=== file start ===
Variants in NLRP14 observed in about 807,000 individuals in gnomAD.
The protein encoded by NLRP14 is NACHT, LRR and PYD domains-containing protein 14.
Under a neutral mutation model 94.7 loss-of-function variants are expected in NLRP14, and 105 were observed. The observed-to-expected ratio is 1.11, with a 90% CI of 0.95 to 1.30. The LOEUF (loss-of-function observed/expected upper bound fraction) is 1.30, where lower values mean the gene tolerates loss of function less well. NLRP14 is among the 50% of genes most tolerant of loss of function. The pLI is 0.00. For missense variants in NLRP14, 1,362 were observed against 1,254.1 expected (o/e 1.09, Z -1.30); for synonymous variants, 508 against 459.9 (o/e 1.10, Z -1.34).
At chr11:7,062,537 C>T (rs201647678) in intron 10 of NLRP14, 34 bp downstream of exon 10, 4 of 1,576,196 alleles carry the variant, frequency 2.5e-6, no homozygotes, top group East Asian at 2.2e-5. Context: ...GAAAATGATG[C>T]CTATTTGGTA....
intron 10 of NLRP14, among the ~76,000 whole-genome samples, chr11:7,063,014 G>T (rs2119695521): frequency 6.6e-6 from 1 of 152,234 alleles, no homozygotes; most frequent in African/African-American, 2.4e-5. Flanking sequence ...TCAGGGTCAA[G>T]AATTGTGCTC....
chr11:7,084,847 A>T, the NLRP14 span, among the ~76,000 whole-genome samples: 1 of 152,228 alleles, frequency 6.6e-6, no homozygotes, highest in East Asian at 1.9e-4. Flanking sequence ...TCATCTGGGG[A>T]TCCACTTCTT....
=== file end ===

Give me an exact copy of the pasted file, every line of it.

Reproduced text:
Variants in NLRP14 observed in about 807,000 individuals in gnomAD.
The protein encoded by NLRP14 is NACHT, LRR and PYD domains-containing protein 14.
Under a neutral mutation model 94.7 loss-of-function variants are expected in NLRP14, and 105 were observed. The observed-to-expected ratio is 1.11, with a 90% CI of 0.95 to 1.30. The LOEUF (loss-of-function observed/expected upper bound fraction) is 1.30, where lower values mean the gene tolerates loss of function less well. NLRP14 is among the 50% of genes most tolerant of loss of function. The pLI is 0.00. For missense variants in NLRP14, 1,362 were observed against 1,254.1 expected (o/e 1.09, Z -1.30); for synonymous variants, 508 against 459.9 (o/e 1.10, Z -1.34).
At chr11:7,062,537 C>T (rs201647678) in intron 10 of NLRP14, 34 bp downstream of exon 10, 4 of 1,576,196 alleles carry the variant, frequency 2.5e-6, no homozygotes, top group East Asian at 2.2e-5. Context: ...GAAAATGATG[C>T]CTATTTGGTA....
intron 10 of NLRP14, among the ~76,000 whole-genome samples, chr11:7,063,014 G>T (rs2119695521): frequency 6.6e-6 from 1 of 152,234 alleles, no homozygotes; most frequent in African/African-American, 2.4e-5. Flanking sequence ...TCAGGGTCAA[G>T]AATTGTGCTC....
chr11:7,084,847 A>T, the NLRP14 span, among the ~76,000 whole-genome samples: 1 of 152,228 alleles, frequency 6.6e-6, no homozygotes, highest in East Asian at 1.9e-4. Flanking sequence ...TCATCTGGGG[A>T]TCCACTTCTT....